The Medical Association of The Bahamas (MAB) yesterday accused the Public Hospitals Authority (PHA) of gambling with the healthcare of Bahamians by refusing to negotiate with the Consultant Physicians Staff Association (CPSA).
In a statement, MAB President Dr. E. Marcus Cooper said the association fully supports the CPSA and hopes it reaches a speedy resolution with the PHA.
“Until that time, the MAB will do all in its power to mitigate the inconveniences that have resulted from the industrial action,” Cooper said.
He added that while doctors and nurses in the public healthcare system remain “shortchanged”, PHA executives continue to receive full pay despite “convincing evidence of mismanagement” at that entity.
The CPSA, which represents 130 consultant physicians, withdrew labor last week forcing Princess Margaret Hospital to cancel all non-emergency services.
The PHA said it was difficult to continue negotiations in good faith during the CPSA’s industrial action.
But Cooper said, “The MAB is saddened by the decision of the PHA to suspend all negotiations with the Consultant Physicians Staff Association.
“It is unfortunate that the PHA has chosen to gamble with the healthcare of Bahamians by disregarding the value of senior physician input in the management of ambulatory and hospitalized patients.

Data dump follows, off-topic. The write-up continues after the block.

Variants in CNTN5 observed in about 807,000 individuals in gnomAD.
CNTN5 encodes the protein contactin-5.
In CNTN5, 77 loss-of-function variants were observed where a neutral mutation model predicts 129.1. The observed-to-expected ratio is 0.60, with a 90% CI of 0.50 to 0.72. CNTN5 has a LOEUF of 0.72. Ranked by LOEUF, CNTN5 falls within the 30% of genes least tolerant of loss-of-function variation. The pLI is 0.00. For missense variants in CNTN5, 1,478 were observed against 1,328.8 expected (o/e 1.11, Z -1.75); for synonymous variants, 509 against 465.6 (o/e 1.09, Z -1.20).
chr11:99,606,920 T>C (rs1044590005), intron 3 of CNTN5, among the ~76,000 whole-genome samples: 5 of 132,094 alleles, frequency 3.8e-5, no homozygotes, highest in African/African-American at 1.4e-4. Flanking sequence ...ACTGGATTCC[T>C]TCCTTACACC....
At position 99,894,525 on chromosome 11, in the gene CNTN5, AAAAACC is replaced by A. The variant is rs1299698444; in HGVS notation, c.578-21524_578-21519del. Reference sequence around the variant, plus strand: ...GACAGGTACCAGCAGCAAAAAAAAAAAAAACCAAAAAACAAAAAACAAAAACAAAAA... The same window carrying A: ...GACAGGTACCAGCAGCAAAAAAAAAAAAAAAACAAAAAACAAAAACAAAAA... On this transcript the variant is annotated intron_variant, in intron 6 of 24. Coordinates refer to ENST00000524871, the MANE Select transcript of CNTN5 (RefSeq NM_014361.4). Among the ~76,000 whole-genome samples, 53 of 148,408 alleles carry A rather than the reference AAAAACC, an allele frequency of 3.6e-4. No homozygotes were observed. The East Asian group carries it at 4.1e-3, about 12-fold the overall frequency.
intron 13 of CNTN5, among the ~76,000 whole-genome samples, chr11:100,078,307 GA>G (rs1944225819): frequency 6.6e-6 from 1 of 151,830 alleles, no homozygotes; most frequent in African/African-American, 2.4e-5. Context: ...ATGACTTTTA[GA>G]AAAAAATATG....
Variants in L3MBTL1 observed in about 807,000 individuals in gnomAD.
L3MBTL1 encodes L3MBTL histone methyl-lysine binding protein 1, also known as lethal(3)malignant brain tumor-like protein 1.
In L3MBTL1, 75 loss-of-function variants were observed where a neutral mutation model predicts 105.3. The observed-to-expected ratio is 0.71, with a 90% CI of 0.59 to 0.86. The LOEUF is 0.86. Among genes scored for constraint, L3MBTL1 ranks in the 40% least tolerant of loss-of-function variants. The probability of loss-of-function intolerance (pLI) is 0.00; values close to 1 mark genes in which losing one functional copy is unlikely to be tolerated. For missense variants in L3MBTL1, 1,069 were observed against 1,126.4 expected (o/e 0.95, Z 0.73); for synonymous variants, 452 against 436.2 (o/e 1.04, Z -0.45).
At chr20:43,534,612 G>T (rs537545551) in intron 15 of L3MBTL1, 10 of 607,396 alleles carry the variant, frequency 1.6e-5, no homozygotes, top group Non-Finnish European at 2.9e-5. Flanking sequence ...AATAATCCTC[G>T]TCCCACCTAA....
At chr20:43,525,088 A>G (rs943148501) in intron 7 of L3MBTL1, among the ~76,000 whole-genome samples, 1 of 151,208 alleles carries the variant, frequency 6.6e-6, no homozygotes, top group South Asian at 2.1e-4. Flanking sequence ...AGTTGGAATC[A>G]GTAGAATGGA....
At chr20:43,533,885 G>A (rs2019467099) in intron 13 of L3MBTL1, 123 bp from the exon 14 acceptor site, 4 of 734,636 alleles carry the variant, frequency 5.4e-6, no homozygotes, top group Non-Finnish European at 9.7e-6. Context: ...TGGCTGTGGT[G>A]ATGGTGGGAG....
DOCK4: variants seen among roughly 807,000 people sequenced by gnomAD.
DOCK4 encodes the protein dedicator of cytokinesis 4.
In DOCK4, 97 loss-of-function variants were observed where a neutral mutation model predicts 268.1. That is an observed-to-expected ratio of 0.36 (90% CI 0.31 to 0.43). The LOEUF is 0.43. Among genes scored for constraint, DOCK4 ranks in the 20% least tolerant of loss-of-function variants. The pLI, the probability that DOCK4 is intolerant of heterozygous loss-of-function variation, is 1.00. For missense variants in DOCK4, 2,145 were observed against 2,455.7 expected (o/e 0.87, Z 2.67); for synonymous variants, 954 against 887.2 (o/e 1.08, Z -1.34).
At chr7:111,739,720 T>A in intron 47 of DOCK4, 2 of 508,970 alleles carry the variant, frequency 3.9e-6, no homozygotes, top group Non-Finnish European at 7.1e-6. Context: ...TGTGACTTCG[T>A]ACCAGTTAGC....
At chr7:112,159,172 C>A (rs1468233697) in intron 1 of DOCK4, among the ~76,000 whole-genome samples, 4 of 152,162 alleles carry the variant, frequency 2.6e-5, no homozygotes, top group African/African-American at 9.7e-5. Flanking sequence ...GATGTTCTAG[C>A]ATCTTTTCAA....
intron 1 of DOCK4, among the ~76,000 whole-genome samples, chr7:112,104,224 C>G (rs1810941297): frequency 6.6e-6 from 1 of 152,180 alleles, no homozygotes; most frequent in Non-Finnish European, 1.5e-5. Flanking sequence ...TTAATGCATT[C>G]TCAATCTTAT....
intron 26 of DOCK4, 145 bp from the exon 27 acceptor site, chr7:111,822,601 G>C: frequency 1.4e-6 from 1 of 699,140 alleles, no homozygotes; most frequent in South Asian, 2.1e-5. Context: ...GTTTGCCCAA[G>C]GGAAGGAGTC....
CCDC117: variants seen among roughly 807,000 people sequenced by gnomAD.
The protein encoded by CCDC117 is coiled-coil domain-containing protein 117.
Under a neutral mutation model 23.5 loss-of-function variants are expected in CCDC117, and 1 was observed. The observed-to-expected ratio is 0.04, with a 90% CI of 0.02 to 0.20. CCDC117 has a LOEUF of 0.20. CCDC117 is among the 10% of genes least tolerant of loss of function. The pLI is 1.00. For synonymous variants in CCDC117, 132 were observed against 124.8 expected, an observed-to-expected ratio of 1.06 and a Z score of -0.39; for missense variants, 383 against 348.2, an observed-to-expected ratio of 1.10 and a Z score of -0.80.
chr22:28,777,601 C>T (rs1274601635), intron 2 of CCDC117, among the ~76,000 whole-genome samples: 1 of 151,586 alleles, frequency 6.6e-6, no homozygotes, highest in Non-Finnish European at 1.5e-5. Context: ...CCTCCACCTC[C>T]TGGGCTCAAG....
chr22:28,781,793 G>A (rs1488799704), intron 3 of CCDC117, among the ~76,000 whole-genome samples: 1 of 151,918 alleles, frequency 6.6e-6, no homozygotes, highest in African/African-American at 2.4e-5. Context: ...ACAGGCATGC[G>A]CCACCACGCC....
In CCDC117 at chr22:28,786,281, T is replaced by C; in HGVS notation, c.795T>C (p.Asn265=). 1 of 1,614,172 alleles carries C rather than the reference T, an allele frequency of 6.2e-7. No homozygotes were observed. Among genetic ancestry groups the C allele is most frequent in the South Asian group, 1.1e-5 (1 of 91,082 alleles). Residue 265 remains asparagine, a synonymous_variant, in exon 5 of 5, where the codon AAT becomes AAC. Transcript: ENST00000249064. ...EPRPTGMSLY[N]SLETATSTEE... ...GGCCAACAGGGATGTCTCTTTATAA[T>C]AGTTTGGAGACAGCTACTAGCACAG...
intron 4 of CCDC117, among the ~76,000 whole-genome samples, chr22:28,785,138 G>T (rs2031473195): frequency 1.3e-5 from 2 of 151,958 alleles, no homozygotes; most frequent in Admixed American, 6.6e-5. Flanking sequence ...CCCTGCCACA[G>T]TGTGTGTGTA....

“All physicians have taken an oath to help the sick and prevent harm, it is deeply troubling when we are portrayed as insensitive and uncaring.
“For years, both junior and senior physicians have made both personal and professional sacrifices to improve the quality of services in the public system.
“It is because of these sacrifices that the country is able to boast the best public healthcare facility in the region.
“While physicians continue to work in unfavorable conditions with minimal resources and inadequate support, management repeatedly fails to improve efficiency and create a culture of accountability.
“For years there has been no substantial attempt to improve billing and collections or to enhance public private partnerships to generate additional income, but physicians are labeled as under-performers.
“Despite convincing evidence of mismanagement, misappropriation and wastage, there have been no widespread changes in governance at the Public Hospitals Authority and executives continue to receive full pay while physicians and nurses are shortchanged in compensation and benefits.”
The CPSA withdrew their services throughout The Bahamas following failed negotiations with the PHA.
The physicians have highlighted concerns with working conditions and a lack of health insurance, and said they have not received raises in 10 years.
Prime Minister Dr. Hubert Minnis will meet with the CPSA today in an effort to resolve the standoff.
Education: College of The Bahamas, English